WEPLS07
An Emerging Framework for Particle Accelerator Simulation, Collaboration and Education  
 
  • D.L. Bruhwiler, D.T. Abell, N.M. Cook, J.P. Edelen, C.C. Hall, M.V. Keilman, P. Moeller, R. Nagler, B. Nash
    RadiaSoft LLC, Boulder, Colorado, USA
 
  Funding: Work supported by US Department of Energy under Award Nos. DE-SC0011340, DE-SC0015212, DE-SC0017181 and DE-SC0019682.
Accelerator designers work with command line interfaces (CLI) – scripting language, code editor, post-processing and visualization tools, lattice files, etc. Sirepo* brings new capabilities without interrupting CLI workflows – lattice files are imported to and exported from the GUI. This enables designers to work easily with students, new hires, or an expert collaborator who doesn’t know the code. Sirepo codes include elegant, Synergia, Zgoubi and JSPEC. Recent initiatives will enable access to control systems for algorithmic tuning, to data analytics tools and to machine learning algorithms. Lattice and other configuration data is stored via JSON, encapsulating what is needed for each code. This declarative approach enables a similar GUI for each code and provides an optimal path for input file conversion, benchmarking and code coupling. Sirepo is an emerging framework that could, with community support, solve problems regarding the large number of available codes. Developers can use Sirepo** to create a GUI for their own code.
* Sirepo Scientific Gateway, https://sirepo.com
** Sirepo cloud computing framework, https://github.com/radiasoft/sirepo
 
 
WEPLS08
Computing Wake Functions in Plasma Accelerators  
 
  • S.D. Webb, D.L. Bruhwiler
    RadiaSoft LLC, Boulder, Colorado, USA
  • A.V. Burov, V.A. Lebedev
    Fermilab, Batavia, Illinois, USA
  • R. Lehé
    LBNL, Berkeley, California, USA
 
  Funding: This work was supported by the United States Department of Energy, Office of Science, Office of High Energy Physics under contract no. DE-SC0018718.
Plasma accelerators driven to the blowout regime with an intense laser or electron beam are a possible candidate for a TeV lepton collider. The small scale of the nonlinear plasma wave, responsible for the large accelerating fields, also makes the dipole wake fields quite large, and the witness bunch is susceptible to beam break-up instability. Computing the wake functions for these plasma waves is useful to understand the growth rate and how to mitigate the instability, but the variable bubble radius and witness bunch loading of the plasma wave makes this distinct from computing wake functions in a beam pipe. We present a process for extracting wake functions in the blowout regime from data generated using the FBPIC pseudospectral cylindrical electromagnetic particle-in-cell code. We demonstrate this technique for computing the m=0 wake in an axisymmetric blowout plasma wakefield accelerator using FACET-II-like parameters for the drive and witness bunch. We compare these numerical results to analytical predictions, and show how the wakes scale with the bubble radius.
 
 
WEPLS09 Fast Two-Dimensional Calculation of Coherent Synchrotron Radiation in Relativistic Beams -1
SUPLM08   use link to see paper's listing under its alternate paper code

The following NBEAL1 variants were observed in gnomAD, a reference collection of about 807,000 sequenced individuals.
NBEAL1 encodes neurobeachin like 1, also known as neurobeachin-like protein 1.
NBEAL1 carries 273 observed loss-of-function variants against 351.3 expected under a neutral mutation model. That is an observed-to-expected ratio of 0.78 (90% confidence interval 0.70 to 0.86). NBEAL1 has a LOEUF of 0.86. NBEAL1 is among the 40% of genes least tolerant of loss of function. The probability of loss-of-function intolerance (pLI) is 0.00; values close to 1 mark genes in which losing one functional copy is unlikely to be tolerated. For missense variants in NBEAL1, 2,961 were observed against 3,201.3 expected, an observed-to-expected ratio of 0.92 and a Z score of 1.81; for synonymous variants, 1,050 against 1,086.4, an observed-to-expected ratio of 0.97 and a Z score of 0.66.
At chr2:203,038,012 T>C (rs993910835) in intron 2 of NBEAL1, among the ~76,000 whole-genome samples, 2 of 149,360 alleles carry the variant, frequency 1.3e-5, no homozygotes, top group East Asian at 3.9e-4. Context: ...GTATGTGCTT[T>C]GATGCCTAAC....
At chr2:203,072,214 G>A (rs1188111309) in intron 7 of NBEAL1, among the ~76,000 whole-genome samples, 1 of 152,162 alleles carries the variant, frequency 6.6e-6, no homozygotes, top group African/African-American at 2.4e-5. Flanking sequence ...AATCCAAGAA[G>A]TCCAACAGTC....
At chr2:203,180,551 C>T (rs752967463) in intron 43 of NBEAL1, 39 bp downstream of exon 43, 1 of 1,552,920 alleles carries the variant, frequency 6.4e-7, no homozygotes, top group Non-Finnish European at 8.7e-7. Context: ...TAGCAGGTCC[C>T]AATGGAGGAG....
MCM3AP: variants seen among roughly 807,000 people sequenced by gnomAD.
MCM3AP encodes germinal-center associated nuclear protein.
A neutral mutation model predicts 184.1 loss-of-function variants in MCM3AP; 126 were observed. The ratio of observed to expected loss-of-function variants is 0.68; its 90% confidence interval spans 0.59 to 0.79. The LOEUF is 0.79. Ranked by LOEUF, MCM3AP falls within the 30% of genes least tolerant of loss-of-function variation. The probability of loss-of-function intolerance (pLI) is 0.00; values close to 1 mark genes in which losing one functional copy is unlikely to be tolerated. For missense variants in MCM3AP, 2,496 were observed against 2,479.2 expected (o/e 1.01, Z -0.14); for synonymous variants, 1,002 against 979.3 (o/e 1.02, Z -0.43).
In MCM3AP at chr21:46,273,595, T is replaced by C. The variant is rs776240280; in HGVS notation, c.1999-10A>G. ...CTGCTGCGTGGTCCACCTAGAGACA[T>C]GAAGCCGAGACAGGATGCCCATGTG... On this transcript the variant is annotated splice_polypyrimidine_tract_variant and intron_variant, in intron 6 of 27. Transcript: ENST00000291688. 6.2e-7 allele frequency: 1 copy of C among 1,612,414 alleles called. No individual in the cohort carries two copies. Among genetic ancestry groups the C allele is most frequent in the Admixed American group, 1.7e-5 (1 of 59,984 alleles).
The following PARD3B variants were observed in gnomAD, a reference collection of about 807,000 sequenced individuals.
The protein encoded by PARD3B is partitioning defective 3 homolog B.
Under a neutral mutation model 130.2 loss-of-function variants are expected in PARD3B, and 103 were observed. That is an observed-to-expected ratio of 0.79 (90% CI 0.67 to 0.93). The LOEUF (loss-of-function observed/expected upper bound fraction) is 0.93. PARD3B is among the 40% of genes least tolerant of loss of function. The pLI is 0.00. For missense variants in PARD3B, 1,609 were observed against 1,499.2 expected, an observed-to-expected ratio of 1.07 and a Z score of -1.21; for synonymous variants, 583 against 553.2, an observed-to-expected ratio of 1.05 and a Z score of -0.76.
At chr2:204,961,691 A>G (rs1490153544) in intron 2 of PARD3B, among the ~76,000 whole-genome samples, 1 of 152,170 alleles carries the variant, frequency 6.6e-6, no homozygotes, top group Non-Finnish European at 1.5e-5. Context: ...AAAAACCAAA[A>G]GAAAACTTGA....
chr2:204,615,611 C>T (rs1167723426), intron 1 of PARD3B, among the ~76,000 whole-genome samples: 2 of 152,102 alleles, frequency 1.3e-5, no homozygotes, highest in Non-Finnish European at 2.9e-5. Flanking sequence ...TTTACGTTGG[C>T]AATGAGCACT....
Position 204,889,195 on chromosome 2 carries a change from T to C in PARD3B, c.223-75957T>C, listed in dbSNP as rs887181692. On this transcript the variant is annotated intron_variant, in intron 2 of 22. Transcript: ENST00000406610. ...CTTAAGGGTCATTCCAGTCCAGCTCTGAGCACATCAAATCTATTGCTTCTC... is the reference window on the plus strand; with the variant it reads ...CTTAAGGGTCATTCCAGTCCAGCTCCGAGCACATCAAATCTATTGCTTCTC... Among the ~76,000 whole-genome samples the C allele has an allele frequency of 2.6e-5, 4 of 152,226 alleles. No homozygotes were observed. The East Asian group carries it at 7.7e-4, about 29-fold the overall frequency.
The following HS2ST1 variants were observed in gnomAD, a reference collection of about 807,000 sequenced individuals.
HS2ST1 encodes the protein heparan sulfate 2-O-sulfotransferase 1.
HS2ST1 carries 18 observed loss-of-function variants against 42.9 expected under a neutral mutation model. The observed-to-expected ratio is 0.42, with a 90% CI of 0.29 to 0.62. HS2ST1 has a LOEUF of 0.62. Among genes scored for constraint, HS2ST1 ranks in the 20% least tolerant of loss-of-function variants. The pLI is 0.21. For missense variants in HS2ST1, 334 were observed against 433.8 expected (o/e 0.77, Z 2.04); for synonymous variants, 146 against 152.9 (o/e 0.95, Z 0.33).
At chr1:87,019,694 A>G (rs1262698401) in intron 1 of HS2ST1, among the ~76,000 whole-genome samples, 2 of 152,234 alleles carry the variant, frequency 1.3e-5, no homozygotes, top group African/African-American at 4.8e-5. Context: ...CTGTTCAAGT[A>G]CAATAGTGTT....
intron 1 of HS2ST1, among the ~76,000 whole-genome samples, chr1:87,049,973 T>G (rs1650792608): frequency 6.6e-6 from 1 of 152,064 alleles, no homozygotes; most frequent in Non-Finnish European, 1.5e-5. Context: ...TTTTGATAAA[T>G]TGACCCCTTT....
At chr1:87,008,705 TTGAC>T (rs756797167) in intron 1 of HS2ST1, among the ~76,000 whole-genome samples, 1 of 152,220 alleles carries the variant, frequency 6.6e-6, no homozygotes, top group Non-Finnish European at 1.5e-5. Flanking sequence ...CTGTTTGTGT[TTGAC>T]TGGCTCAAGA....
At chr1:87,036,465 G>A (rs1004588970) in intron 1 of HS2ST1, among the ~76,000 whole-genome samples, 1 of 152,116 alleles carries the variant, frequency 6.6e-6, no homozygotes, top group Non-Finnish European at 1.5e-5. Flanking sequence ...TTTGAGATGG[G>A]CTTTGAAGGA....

• J. Tang, G. Stupakov
    SLAC, Menlo Park, California, USA
 
  Coherent Synchrotron Radiation(CSR) in a relavistic beam during compression can lead to longitudinal modulation of the bunch with wavelength smaller than bunch length and is regarded as one of the main sources of emittance growth in the bunch compressor. Current simulations containing CSR wake fields often utilize one-dimensional model assuming a line beam. Despite its good computation efficiency, 1D CSR model can be inaccurate in many cases because it ignores the so-called ’compression effect’. On the other hand, the existing 3D codes are often slow and have high demands on computational resources. In this paper we propose a new method for calculation of the three-dimensional CSR wakefields in relativistic beams with integrals of retarded potentials. It generalizes the 1D model and includes the transient effects at the entrance and the exit from the magnet. Within given magnetic lattice and initial beam distributions, the formalism reduces to 2D or 3D integration along the trajectory and therefore allows fast numerical calculations using 2D or 3D matrices.  
 
WEPLS10 Modeling of Space-Charge Effects in the ORISS MRTOF Device for Applications to FRIB -1
SUPLM16   use link to see paper's listing under its alternate paper code  
 
  • R. Hipple
    MSU, East Lansing, Michigan, USA
  • S.M. Lund
    FRIB, East Lansing, Michigan, USA
 
  The Oak Ridge Isotope/Isomer Spectrometer and Separator (ORISS) is an electrostatic multiply reflecting time-of-flight (MRTOF) mass separator constructed by the University Radioactive Ion Beam Consortium (UNIRIB) and Louisiana State University. The device was never fully commissioned, and was eventually shipped to Michigan State University for use at the Facility for Rare Isotopes and Beams (FRIB). The separation process is sensitive to space-charge effects due to the reflection of ions at both ends of the trap, as well as nonlinearities in the optics. In this study we apply the time-based particle-in-cell code Warp to model the effects of intense space-charge during the separation process. We find that the optics can be tuned for isochronous operation and focusing in the presence of intense space-charge to enable separation of bunches with high particle counts. This suggests the device may be effectively utilized at FRIB as a separator, spectrograph and spectrometer.